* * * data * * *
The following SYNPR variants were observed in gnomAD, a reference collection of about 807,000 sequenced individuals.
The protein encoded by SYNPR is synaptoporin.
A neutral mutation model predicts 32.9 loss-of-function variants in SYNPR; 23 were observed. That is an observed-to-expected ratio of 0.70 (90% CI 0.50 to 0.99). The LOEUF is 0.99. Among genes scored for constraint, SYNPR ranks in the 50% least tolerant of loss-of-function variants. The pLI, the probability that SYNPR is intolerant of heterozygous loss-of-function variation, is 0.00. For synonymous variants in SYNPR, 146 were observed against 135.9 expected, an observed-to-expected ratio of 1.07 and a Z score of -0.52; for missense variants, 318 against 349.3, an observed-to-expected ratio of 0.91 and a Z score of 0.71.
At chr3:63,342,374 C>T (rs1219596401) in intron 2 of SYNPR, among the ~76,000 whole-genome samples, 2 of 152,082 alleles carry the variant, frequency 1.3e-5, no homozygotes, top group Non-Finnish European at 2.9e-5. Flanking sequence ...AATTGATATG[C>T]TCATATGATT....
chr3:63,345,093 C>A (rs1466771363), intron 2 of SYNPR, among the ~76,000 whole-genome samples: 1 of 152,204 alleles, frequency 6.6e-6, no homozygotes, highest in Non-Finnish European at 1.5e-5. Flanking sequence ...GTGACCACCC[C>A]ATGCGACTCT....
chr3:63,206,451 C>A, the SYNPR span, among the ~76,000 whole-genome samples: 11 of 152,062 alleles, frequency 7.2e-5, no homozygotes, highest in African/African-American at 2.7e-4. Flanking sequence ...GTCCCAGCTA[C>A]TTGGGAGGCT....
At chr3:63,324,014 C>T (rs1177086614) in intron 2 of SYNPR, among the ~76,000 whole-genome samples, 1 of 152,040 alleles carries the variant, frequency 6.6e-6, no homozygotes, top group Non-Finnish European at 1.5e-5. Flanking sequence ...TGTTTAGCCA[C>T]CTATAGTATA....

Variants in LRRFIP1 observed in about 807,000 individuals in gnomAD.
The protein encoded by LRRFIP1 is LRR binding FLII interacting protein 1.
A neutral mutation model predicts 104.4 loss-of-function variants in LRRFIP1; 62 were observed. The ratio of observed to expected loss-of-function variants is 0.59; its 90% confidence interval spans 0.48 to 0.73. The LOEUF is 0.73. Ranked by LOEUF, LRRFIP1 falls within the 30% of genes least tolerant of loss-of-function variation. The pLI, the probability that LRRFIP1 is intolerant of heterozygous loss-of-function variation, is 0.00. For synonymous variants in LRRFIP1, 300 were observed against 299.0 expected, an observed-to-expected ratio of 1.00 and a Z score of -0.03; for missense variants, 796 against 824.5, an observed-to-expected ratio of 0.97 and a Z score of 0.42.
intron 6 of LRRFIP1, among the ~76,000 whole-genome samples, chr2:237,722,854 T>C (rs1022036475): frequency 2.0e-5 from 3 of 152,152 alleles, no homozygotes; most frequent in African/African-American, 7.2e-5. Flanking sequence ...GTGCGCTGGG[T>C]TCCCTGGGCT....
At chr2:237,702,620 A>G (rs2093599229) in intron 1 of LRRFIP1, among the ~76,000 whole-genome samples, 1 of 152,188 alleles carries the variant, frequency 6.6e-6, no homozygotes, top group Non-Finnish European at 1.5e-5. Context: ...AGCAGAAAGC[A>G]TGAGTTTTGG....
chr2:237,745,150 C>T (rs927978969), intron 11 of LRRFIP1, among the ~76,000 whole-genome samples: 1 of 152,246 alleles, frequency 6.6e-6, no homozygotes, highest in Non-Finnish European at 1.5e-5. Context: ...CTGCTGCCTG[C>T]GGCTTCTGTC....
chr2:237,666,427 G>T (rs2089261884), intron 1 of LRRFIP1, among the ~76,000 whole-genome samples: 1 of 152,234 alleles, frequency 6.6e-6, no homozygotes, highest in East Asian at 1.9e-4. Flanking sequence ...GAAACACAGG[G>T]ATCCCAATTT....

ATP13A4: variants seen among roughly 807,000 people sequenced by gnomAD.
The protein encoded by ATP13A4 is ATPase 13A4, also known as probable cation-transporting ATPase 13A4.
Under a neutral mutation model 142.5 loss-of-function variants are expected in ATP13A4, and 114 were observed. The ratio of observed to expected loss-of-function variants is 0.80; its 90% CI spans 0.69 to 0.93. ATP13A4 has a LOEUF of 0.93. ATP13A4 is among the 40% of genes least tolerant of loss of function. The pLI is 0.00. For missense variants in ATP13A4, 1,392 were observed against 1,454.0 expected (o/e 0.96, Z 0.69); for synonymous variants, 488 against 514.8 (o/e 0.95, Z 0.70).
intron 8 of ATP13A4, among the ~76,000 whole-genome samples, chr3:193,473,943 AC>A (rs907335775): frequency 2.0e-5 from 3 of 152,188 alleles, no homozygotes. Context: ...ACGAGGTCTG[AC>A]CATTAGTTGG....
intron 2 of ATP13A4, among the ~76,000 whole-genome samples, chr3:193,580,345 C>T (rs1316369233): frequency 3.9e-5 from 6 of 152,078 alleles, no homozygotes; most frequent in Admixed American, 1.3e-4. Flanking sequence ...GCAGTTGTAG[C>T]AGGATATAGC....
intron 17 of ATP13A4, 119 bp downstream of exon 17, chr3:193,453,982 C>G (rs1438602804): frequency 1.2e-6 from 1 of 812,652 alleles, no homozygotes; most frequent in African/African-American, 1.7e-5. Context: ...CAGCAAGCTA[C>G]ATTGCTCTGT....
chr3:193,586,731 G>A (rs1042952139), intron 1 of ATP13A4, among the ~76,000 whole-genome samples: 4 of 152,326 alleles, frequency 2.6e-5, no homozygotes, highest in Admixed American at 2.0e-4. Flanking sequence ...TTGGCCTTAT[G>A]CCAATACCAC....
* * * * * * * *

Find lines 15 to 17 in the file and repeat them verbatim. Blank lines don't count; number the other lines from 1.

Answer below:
ATP13A4: variants seen among roughly 807,000 people sequenced by gnomAD.
The protein encoded by ATP13A4 is ATPase 13A4, also known as probable cation-transporting ATPase 13A4.
Under a neutral mutation model 142.5 loss-of-function variants are expected in ATP13A4, and 114 were observed. The ratio of observed to expected loss-of-function variants is 0.80; its 90% CI spans 0.69 to 0.93. ATP13A4 has a LOEUF of 0.93. ATP13A4 is among the 40% of genes least tolerant of loss of function. The pLI is 0.00. For missense variants in ATP13A4, 1,392 were observed against 1,454.0 expected (o/e 0.96, Z 0.69); for synonymous variants, 488 against 514.8 (o/e 0.95, Z 0.70).